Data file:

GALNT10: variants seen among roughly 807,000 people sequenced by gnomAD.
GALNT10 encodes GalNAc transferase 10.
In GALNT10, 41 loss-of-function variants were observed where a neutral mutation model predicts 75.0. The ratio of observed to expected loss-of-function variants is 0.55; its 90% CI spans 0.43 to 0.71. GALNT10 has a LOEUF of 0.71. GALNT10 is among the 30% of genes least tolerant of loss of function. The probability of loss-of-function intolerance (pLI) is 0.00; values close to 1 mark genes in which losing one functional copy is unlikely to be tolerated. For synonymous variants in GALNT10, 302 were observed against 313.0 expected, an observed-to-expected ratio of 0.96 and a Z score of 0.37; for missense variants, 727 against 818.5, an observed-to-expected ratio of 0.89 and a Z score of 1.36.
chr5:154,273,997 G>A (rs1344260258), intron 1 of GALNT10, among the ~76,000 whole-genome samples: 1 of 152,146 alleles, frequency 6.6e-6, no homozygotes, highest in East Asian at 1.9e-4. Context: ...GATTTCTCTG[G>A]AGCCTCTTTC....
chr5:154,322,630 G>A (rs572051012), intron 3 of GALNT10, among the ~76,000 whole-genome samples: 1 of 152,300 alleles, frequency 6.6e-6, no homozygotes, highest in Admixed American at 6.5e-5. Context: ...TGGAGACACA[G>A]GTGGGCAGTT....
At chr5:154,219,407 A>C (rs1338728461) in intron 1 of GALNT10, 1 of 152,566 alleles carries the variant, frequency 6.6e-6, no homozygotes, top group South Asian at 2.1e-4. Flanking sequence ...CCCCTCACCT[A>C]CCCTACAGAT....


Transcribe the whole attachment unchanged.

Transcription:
GALNT10: variants seen among roughly 807,000 people sequenced by gnomAD.
GALNT10 encodes GalNAc transferase 10.
In GALNT10, 41 loss-of-function variants were observed where a neutral mutation model predicts 75.0. The ratio of observed to expected loss-of-function variants is 0.55; its 90% CI spans 0.43 to 0.71. GALNT10 has a LOEUF of 0.71. GALNT10 is among the 30% of genes least tolerant of loss of function. The probability of loss-of-function intolerance (pLI) is 0.00; values close to 1 mark genes in which losing one functional copy is unlikely to be tolerated. For synonymous variants in GALNT10, 302 were observed against 313.0 expected, an observed-to-expected ratio of 0.96 and a Z score of 0.37; for missense variants, 727 against 818.5, an observed-to-expected ratio of 0.89 and a Z score of 1.36.
chr5:154,273,997 G>A (rs1344260258), intron 1 of GALNT10, among the ~76,000 whole-genome samples: 1 of 152,146 alleles, frequency 6.6e-6, no homozygotes, highest in East Asian at 1.9e-4. Context: ...GATTTCTCTG[G>A]AGCCTCTTTC....
chr5:154,322,630 G>A (rs572051012), intron 3 of GALNT10, among the ~76,000 whole-genome samples: 1 of 152,300 alleles, frequency 6.6e-6, no homozygotes, highest in Admixed American at 6.5e-5. Context: ...TGGAGACACA[G>A]GTGGGCAGTT....
At chr5:154,219,407 A>C (rs1338728461) in intron 1 of GALNT10, 1 of 152,566 alleles carries the variant, frequency 6.6e-6, no homozygotes, top group South Asian at 2.1e-4. Flanking sequence ...CCCCTCACCT[A>C]CCCTACAGAT....